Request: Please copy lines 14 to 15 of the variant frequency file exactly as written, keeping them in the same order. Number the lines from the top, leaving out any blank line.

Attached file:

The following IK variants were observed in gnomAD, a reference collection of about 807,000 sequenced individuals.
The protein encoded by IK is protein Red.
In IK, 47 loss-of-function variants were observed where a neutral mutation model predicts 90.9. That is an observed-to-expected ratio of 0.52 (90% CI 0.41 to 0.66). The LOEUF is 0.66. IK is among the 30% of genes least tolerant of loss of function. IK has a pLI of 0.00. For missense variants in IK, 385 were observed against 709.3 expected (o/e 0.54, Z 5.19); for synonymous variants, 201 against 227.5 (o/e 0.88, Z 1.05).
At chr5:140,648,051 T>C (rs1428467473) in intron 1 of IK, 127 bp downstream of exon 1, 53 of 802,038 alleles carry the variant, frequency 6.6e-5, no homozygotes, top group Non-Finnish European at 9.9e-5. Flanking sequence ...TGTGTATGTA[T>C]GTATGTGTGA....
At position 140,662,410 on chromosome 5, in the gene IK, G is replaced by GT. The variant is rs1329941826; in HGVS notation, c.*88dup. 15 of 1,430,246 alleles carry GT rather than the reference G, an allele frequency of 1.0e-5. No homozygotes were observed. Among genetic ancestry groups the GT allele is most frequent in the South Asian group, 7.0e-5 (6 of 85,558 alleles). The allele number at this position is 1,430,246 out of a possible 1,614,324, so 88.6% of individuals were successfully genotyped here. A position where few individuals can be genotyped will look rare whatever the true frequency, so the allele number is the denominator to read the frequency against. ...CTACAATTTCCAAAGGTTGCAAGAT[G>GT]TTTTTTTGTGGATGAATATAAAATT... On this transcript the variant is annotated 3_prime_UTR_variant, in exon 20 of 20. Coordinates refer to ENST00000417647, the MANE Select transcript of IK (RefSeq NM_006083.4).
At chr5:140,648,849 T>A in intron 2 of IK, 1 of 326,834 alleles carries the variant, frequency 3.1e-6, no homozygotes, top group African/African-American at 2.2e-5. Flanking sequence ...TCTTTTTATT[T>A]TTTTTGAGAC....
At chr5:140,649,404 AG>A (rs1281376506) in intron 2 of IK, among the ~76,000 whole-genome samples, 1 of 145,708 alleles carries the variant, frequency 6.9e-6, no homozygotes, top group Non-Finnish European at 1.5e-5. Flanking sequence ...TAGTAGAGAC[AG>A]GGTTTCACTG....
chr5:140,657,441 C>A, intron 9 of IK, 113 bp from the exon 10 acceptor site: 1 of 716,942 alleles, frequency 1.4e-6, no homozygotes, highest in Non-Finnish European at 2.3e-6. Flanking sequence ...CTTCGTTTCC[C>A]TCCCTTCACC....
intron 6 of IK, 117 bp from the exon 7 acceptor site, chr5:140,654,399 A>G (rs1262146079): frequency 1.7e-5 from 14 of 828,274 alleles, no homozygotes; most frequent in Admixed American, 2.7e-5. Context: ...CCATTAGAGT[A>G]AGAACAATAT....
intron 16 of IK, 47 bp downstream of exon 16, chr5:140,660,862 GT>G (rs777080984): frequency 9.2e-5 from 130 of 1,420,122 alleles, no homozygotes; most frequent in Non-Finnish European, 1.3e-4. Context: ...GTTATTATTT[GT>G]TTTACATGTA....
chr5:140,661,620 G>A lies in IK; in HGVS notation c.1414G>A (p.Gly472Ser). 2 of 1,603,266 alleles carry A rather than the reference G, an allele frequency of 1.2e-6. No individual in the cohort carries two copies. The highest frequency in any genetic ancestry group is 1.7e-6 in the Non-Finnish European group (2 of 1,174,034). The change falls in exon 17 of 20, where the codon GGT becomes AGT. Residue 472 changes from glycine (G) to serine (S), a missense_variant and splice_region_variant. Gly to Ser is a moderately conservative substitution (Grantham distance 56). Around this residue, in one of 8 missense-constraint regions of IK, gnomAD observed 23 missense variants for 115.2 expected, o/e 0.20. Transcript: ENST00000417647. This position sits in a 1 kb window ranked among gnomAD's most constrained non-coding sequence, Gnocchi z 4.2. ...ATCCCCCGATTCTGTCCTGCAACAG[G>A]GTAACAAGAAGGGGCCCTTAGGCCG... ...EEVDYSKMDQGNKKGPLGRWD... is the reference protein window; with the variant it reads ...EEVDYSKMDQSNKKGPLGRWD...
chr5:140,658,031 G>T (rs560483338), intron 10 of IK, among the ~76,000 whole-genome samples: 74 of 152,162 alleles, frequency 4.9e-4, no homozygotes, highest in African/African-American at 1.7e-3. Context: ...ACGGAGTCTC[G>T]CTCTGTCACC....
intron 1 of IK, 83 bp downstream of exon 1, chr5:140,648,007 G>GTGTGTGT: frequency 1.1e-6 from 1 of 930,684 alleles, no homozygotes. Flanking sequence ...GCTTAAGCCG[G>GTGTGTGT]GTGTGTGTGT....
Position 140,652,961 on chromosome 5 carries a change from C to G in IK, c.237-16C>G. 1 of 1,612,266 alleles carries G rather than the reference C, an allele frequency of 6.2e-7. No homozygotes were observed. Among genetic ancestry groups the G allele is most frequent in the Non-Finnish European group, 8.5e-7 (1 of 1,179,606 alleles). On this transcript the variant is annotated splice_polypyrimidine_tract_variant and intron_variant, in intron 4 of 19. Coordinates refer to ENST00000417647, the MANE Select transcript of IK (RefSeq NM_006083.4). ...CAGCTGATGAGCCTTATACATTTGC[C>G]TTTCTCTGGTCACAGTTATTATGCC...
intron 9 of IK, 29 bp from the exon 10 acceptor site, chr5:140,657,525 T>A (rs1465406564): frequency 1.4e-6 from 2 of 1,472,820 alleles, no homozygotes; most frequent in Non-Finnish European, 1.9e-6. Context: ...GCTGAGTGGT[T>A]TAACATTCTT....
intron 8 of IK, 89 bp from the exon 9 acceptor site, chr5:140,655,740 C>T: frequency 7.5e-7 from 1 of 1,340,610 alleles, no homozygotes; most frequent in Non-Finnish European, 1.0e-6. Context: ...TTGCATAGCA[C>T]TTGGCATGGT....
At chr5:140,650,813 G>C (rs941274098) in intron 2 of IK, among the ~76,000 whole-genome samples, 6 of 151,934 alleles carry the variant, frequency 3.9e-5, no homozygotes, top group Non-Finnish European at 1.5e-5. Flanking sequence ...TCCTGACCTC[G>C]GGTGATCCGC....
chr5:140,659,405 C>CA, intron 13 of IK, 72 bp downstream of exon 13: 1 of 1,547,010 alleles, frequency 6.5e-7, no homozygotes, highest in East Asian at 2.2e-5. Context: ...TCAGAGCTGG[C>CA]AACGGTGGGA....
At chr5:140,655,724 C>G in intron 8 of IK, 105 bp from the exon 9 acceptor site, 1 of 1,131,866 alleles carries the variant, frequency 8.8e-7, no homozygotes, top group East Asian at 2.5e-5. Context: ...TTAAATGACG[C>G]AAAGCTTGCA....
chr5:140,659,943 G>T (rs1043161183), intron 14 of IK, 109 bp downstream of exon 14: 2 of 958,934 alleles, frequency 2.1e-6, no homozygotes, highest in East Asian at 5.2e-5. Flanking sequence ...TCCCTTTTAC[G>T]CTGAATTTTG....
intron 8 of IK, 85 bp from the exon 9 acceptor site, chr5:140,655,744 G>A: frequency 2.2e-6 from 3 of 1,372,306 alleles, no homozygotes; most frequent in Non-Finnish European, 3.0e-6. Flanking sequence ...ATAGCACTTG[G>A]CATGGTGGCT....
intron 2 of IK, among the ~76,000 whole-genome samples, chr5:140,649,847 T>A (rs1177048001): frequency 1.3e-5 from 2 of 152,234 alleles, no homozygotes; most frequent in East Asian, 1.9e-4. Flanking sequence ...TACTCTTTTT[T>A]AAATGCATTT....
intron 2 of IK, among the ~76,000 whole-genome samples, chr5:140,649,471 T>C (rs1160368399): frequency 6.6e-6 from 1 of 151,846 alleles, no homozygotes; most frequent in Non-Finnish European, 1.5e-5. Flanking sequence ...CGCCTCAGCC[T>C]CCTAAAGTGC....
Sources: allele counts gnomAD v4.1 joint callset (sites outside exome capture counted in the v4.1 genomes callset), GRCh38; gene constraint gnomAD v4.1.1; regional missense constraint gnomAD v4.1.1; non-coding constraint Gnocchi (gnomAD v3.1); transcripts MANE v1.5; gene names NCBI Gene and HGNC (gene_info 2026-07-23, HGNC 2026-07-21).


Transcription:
Position 140,652,961 on chromosome 5 carries a change from C to G in IK, c.237-16C>G. 1 of 1,612,266 alleles carries G rather than the reference C, an allele frequency of 6.2e-7. No homozygotes were observed. Among genetic ancestry groups the G allele is most frequent in the Non-Finnish European group, 8.5e-7 (1 of 1,179,606 alleles). On this transcript the variant is annotated splice_polypyrimidine_tract_variant and intron_variant, in intron 4 of 19. Coordinates refer to ENST00000417647, the MANE Select transcript of IK (RefSeq NM_006083.4). ...CAGCTGATGAGCCTTATACATTTGC[C>G]TTTCTCTGGTCACAGTTATTATGCC...
intron 9 of IK, 29 bp from the exon 10 acceptor site, chr5:140,657,525 T>A (rs1465406564): frequency 1.4e-6 from 2 of 1,472,820 alleles, no homozygotes; most frequent in Non-Finnish European, 1.9e-6. Context: ...GCTGAGTGGT[T>A]TAACATTCTT....